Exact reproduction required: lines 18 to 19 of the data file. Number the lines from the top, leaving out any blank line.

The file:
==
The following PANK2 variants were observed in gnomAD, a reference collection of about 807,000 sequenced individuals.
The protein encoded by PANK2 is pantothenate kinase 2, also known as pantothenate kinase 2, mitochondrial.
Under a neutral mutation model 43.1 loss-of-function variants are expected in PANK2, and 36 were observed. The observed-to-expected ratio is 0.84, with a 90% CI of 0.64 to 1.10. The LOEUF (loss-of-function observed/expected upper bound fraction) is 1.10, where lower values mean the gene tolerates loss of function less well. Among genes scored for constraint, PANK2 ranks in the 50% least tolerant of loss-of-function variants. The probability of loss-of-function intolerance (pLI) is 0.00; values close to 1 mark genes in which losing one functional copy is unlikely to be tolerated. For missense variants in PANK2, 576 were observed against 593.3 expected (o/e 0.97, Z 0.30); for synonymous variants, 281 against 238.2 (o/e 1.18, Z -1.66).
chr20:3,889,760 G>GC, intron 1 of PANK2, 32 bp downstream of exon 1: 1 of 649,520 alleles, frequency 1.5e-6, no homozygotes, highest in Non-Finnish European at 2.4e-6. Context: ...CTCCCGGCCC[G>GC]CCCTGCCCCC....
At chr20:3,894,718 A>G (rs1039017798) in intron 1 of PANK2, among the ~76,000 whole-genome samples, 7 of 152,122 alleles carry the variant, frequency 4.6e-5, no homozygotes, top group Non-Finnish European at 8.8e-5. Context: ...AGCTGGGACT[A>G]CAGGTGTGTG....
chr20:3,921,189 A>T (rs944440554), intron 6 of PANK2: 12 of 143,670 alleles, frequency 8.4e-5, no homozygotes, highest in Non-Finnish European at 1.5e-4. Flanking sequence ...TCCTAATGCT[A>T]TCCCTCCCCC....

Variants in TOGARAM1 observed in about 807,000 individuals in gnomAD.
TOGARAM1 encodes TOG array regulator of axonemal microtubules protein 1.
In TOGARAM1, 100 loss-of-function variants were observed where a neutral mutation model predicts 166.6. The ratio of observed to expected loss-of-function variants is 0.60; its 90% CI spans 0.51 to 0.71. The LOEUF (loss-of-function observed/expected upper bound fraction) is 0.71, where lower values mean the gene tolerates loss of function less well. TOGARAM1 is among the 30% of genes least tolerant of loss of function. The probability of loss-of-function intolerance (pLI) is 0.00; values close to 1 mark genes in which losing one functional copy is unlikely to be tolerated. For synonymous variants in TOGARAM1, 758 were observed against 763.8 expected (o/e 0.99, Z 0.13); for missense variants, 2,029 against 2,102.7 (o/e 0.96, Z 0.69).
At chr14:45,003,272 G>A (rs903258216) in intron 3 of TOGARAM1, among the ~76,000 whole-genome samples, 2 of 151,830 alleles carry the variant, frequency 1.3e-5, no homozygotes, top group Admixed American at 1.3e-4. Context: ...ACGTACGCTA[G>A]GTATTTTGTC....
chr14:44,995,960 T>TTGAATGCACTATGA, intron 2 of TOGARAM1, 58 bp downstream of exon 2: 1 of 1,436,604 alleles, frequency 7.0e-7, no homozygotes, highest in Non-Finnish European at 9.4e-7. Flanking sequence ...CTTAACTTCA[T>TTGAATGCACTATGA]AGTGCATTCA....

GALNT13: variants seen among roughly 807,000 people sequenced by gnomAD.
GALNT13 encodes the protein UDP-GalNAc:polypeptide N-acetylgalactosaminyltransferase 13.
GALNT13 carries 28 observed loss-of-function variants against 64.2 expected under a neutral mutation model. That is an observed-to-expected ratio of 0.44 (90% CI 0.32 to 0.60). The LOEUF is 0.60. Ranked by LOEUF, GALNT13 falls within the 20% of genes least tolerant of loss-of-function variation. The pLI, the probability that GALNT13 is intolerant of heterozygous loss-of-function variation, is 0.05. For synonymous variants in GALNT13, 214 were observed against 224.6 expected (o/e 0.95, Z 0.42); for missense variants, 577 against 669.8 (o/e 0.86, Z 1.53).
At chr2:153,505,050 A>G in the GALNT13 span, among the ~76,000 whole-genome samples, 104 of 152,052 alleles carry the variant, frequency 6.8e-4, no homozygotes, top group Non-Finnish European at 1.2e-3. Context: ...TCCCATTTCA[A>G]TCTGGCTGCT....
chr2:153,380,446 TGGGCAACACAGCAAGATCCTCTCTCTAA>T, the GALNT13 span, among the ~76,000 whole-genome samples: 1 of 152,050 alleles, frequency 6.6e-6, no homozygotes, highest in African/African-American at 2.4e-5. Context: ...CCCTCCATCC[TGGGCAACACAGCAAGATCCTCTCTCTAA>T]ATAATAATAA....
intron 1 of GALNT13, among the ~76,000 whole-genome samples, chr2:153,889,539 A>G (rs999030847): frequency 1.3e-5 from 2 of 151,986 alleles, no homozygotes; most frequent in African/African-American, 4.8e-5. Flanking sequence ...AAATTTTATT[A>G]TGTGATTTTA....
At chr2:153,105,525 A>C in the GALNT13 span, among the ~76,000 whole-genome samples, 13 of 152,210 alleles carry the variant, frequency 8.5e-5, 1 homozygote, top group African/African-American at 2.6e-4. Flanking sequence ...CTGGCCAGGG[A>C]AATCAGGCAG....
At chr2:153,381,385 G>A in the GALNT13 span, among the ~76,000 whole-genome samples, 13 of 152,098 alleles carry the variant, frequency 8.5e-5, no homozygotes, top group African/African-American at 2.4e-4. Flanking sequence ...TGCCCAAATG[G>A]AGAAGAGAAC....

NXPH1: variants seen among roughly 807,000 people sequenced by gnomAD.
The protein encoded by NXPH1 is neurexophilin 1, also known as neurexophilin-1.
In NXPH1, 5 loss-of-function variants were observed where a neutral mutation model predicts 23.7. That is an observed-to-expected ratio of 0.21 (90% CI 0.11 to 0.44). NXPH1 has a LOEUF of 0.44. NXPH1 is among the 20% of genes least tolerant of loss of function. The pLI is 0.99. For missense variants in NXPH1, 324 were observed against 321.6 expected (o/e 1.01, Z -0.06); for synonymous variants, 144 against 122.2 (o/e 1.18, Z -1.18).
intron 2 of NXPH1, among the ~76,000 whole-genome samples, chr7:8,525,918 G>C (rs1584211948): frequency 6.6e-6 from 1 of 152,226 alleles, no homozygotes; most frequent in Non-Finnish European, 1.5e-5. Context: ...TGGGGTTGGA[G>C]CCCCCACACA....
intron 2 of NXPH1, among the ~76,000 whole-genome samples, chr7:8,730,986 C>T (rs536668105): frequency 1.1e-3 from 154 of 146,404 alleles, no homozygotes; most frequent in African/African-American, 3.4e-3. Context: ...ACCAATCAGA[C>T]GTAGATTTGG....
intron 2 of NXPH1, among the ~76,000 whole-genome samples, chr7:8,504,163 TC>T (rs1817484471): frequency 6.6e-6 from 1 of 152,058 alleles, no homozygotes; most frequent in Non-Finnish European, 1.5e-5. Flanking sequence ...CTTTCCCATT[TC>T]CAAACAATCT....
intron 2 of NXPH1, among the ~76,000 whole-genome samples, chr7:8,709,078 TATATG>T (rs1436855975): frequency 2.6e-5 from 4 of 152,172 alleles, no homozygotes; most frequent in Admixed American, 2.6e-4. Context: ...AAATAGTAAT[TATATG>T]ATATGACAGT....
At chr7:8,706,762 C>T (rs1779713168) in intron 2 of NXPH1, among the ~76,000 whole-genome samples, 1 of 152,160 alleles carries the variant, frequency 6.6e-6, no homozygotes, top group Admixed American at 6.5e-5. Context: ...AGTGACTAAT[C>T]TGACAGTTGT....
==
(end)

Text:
At chr2:153,105,525 A>C in the GALNT13 span, among the ~76,000 whole-genome samples, 13 of 152,210 alleles carry the variant, frequency 8.5e-5, 1 homozygote, top group African/African-American at 2.6e-4. Flanking sequence ...CTGGCCAGGG[A>C]AATCAGGCAG....
At chr2:153,381,385 G>A in the GALNT13 span, among the ~76,000 whole-genome samples, 13 of 152,098 alleles carry the variant, frequency 8.5e-5, no homozygotes, top group African/African-American at 2.4e-4. Flanking sequence ...TGCCCAAATG[G>A]AGAAGAGAAC....